Be sure to avoid using smelly fertilizers while planting bulbs, like bone meal, blood meal, or fish emulsion. Attracting every animal in the neighborhood, your bulbs will definitely be dug up. I once placed a sealed bag of blood meal in my open car port and neighbor dogs came and devoured it!

Alliums-The King of Deer Resistance (And Rodents)

Alliums are one of the best bulbs for deer avoidance. They actually repel deer as they are in the onion family, and have an onion odor. Chase away garden nibblers with these bulbs! The combination of sulfides that make a great tomato sauce also repels deer and rodents. If you time it right, you can have alliums blooming all season long. Go to Longfield Gardens to see the large variety available.

Easy to grow and multiplying in number, I am sure to include alliums in my garden in ever greater numbers. Here is a brief listing of some varieties:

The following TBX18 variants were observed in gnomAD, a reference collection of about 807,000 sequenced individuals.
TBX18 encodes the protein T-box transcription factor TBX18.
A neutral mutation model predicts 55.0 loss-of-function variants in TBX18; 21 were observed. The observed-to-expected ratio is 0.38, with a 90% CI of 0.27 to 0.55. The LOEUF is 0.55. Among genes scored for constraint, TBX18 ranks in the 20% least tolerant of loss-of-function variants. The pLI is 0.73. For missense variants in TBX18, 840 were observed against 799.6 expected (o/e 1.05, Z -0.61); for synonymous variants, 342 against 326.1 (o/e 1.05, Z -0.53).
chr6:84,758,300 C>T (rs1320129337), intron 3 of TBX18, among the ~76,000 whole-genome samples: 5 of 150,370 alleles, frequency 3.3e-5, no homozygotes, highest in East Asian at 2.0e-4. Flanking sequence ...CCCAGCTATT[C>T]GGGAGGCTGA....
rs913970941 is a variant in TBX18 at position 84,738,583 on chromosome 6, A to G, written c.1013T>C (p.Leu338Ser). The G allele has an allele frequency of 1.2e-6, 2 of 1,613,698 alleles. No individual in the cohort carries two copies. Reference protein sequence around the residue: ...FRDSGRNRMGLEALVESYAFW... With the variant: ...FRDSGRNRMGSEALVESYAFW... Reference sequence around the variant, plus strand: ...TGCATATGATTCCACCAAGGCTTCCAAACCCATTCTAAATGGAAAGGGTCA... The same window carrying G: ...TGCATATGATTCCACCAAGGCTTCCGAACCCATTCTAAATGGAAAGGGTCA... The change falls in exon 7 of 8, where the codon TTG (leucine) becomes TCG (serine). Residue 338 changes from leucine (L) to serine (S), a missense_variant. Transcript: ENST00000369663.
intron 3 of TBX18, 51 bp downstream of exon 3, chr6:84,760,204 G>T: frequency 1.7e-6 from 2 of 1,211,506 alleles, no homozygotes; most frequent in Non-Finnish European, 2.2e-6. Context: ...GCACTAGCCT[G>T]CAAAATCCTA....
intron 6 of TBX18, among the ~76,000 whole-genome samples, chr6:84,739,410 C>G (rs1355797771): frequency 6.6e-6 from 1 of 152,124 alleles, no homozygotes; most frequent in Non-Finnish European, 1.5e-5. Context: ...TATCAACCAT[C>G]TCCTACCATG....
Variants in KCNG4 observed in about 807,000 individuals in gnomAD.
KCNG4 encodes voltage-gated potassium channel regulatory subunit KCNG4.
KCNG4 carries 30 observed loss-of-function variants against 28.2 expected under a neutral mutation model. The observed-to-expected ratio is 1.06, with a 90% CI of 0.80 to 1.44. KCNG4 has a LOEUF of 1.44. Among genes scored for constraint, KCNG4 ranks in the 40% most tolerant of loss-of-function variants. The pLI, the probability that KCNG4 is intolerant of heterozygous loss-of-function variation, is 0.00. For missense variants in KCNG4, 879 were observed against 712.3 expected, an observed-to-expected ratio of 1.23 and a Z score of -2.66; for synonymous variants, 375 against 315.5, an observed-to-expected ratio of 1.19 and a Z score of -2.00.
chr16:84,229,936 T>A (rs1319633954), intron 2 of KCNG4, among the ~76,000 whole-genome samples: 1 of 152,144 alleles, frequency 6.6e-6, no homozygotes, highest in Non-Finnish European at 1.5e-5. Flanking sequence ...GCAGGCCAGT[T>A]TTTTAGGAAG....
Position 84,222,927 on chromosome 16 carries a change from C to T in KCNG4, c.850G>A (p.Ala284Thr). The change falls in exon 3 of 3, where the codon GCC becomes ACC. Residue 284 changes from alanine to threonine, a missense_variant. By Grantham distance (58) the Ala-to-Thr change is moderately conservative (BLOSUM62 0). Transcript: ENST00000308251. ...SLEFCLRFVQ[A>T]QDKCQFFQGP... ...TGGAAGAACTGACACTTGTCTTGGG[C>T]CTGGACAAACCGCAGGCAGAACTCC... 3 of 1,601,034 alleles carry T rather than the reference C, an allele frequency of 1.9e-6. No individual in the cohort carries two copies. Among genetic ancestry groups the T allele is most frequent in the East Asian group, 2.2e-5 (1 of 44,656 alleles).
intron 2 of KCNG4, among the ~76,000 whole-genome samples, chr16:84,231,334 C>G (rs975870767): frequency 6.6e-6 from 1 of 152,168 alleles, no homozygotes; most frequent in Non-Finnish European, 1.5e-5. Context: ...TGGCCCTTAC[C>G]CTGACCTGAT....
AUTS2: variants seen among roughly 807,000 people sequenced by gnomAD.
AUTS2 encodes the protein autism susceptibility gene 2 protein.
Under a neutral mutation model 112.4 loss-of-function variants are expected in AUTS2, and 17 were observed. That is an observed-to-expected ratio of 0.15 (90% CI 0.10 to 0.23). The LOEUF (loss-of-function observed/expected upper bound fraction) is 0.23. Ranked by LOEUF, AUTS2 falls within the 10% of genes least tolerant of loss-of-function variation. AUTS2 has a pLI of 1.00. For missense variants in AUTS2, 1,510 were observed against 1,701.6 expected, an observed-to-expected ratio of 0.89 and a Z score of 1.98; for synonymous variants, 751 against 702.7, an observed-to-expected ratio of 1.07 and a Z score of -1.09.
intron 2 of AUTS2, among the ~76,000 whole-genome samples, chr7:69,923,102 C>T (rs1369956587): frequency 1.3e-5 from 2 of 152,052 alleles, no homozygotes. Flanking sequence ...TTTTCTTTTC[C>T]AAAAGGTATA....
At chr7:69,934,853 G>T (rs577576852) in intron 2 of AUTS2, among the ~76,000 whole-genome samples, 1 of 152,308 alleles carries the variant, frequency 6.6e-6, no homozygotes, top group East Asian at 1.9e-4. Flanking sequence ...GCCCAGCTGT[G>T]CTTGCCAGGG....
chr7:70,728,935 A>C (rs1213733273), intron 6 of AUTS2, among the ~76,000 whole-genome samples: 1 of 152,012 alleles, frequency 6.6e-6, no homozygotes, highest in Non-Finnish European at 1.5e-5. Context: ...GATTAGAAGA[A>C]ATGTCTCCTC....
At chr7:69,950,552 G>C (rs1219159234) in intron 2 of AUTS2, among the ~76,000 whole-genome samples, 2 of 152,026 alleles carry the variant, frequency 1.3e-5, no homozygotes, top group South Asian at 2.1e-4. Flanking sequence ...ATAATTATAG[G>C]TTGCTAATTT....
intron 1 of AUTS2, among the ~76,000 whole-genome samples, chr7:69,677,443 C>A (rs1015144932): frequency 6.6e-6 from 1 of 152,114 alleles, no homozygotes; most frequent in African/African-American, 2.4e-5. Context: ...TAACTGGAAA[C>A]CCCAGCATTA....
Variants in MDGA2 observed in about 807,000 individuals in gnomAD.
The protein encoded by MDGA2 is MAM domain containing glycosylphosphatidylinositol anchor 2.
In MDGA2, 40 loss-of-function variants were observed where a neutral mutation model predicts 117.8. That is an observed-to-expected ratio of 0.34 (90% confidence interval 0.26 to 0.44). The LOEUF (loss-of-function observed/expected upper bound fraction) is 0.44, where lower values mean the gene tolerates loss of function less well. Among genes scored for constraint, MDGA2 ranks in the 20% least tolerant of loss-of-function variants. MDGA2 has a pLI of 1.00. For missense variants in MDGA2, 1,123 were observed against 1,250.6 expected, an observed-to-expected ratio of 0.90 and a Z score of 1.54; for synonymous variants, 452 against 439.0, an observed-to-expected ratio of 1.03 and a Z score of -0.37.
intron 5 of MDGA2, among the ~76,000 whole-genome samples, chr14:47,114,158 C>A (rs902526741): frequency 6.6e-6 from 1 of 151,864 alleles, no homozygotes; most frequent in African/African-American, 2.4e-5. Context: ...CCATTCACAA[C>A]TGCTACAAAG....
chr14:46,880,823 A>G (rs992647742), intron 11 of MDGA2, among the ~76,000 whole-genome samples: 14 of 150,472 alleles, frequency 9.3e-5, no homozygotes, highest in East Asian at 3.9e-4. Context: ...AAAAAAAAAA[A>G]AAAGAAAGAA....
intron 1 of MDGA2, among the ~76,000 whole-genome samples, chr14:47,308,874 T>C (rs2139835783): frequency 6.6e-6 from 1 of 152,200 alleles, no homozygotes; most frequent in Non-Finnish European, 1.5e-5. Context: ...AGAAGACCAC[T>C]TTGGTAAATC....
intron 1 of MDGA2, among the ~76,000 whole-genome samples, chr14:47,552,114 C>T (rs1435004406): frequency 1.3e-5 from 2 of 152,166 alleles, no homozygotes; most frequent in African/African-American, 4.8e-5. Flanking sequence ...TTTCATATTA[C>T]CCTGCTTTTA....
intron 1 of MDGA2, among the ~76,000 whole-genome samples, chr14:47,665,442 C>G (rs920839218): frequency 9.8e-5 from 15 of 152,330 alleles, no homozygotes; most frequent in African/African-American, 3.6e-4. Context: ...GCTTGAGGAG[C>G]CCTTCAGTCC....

• Allium christophii  Christophii has a round flower head composed of 50 or so star-shaped lavender flowers with a silvery sheen. The leaves die back as the flowers fade; the remaining brown stems and seed heads can be snipped, but that dried look is becoming very chic in gardening circles and can be spray painted any color you choose.
  • Allium karataviense This is a low-growing plant, good for a rock garden or beside steps. Pleated foliage makes this a to-die-for plant and the flower is as large as a tennis ball.
  • Allium moly Probably the easiest of the small alliums, this one has a spray of bright yellow flowers and does well in the shade.
  • Allium sphaerocephalon Also known as “Drumstick” allium, this plant’s long name just means it has a round head. A tight little purple knob that never quite opens, this is one of my favorites.